Old Things

This is not a post about what you'd find in my underwear drawer, despite the baiting title.

Nope. It's about things that we keep around, even though they're old. Things we don't toss out, or donate, because they still work. They do what you need them to do.

Here's a picture of the glamorous array on my nightstand:

Yes, that's the vicodin I've been hoarding since my root canal. And you can see that my nightstand is also where I file receipts for taxes. But that's not what I was focusing on. Feast your eyes on my sweet Sony Dream Machine, circa 1989. I've been using this alarm clock for 24 years. Some of you were still just eggs chillin' in ovaries back in 1989, weren't you?

Please note that aside from one little digital line that has quit working (it was actually 9:10 when I took this picture), this thing works perfectly. Not that I need an alarm clock anymore, since my sleep cycle now resembles an old-timey farm lady's. I wake up before it has a chance to go off, sometimes on my own and more recently, thanks to the mother effing flock of turkeys who roost in the cluster of trees next to my bedroom window and start gobbling before the sun rises. Yes, turkeys. And no, I don't live in the country. We can discuss those later.

Here's one of those loud feathered bastards in my driveway.

I've never been one to hop on the NEW AND IMPROVED bandwagon. Maybe it's something I inherited from my Depression-era grandparents, maybe it's a trait handed down from my uber frugal dad who can pinch a penny until Abe Lincoln screams like a little girl. Maybe it's just me. 

Is it a habit that develops during times of financial leanness? I'm sure that's part of it. After all, when you can't afford to replace things "just because", you take really good care of what you have. My car is a janky piece of aluminum foil with Hot Wheel tires attached to it, but you'd better believe I get the oil changed on the regular and take it in for maintenance when it needs to be done. Because if anything happens to it, I'm screwed. 

But, I have friends who can definitely afford to replace anything, and they are also in the "if it ain't broke, don't fix it" camp with me. So I think it might be more of a personality characteristic than anything else.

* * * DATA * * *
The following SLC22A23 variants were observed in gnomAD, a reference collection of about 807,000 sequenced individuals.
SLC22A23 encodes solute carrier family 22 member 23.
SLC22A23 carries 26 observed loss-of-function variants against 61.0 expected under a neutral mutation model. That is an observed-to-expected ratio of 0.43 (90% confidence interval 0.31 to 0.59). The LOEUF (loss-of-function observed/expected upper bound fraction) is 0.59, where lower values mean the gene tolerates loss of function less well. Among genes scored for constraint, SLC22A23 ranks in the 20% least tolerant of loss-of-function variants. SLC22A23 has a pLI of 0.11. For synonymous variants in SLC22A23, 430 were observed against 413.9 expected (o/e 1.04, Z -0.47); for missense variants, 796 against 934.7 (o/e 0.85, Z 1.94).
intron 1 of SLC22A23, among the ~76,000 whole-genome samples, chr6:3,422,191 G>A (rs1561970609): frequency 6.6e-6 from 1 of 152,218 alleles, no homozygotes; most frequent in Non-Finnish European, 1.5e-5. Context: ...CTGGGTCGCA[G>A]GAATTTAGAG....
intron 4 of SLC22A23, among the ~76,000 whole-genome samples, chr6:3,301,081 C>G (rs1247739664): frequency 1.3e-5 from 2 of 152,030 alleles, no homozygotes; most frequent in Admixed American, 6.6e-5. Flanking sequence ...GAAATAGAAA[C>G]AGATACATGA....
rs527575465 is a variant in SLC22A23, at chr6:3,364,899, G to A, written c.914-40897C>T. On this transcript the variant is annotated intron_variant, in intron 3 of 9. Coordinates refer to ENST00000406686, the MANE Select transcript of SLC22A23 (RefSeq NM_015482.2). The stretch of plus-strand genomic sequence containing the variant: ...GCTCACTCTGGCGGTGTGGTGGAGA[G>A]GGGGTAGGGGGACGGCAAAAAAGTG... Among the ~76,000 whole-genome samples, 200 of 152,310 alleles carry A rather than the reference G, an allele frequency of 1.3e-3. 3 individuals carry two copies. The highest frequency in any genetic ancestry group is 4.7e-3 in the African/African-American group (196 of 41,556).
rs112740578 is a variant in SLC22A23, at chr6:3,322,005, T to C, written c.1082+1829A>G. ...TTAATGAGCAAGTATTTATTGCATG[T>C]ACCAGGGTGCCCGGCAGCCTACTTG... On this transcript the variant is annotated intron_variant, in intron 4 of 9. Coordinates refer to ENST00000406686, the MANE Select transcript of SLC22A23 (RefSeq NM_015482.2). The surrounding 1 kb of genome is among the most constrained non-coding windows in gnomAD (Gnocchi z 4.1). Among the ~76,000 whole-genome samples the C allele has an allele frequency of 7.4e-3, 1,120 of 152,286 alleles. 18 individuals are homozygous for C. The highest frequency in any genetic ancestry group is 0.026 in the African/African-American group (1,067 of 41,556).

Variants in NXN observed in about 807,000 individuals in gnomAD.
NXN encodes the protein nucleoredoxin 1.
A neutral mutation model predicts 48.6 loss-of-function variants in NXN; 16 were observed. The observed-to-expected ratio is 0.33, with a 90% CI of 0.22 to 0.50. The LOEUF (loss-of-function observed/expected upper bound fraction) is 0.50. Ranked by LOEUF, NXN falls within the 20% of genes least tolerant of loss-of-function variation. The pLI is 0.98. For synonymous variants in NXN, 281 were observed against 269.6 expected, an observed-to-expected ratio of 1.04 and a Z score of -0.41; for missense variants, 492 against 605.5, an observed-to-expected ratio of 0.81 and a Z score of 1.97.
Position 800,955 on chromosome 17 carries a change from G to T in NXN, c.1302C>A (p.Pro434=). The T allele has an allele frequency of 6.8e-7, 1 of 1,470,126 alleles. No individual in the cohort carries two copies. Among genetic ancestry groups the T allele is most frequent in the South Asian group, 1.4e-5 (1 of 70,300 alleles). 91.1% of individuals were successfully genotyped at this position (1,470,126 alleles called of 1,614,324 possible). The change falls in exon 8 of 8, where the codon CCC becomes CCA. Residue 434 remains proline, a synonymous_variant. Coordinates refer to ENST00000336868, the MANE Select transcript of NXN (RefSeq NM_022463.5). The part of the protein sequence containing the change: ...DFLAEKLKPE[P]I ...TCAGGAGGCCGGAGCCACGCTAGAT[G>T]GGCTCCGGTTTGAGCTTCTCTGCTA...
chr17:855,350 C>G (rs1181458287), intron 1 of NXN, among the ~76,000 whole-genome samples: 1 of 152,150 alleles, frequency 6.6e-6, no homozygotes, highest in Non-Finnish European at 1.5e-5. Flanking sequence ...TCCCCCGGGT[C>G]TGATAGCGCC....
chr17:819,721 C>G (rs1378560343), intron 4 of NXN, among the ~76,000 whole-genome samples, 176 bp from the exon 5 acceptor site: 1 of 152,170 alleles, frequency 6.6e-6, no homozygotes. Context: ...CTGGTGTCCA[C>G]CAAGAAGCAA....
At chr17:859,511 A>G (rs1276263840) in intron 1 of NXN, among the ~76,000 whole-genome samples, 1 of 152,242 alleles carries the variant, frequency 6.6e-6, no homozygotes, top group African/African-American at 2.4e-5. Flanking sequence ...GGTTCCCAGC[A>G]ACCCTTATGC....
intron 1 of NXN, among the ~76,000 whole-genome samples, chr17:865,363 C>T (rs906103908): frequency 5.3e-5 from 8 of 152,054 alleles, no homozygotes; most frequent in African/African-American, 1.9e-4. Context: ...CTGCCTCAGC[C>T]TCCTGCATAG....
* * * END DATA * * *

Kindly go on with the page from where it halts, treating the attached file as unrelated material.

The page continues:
I have a couple purses that are older than my children (Coach bags used to be made even better than they are now), mixing bowls that have been around since before microwaves were invented and I use computers until they literally die in my arms. Up until this summer, we only had huge, heavy televisions which were the size and weight of portable dishwashers. There is a storage room in my basement that is kind of like the legendary Elephant Graveyards except instead of dead elephants there are corpses of big, unwieldy televisions. 

My kids have grudgingly hopped on board this particular car of the crazy train. Probably because they have no choice. Comforters are used until the morning one of them wakes up looking like they've been tarred and feathered. Hoodies and jeans are worn until people start throwing change at them on the street. And school supplies? Forget about it. My kids are the ones at school with the spiral notebooks that have two subjects crossed out on the covers and a new one written under those (BECAUSE THERE IS STILL A TON OF UNUSED PAPER IN THEM). 

I'd like to think that I have a firm grasp on reality, and we aren't the Minneapolis hillbillies. I don't let things go too far, and yes, when we are able to do so, we will splurge and buy new things. When our last giant t.v. died, I used some of my tax refund to buy one of those new-fangled flat screens. However, I did research and price comparisons and waited until the cheapie off-brand one at Target went down even lower. And then used my Target debit card to get an extra 5% off of that low price. For the record, I cringed when I paid for it. Spending money is never easy once you've been down Poverty Road. I wonder if that ever changes?

There will come a morning when I roll over and my trusty old Dream Machine will be flashing some illegible hieroglyphics, or simply not flashing at all. I imagine there will be a moment of silence. Knowing me, I'll probably try to fix it by unplugging it for a few minutes and then plugging it back in. 

I have already decided that when the time comes, I will donate its lifeless remains to the preschool. One of our teachers loves to let the kids go to town on dead appliances with screwdrivers and tweezers. I used to let my own kids dissect broken electronics, and I think it's a dignified end for such a loyal, trustworthy alarm clock.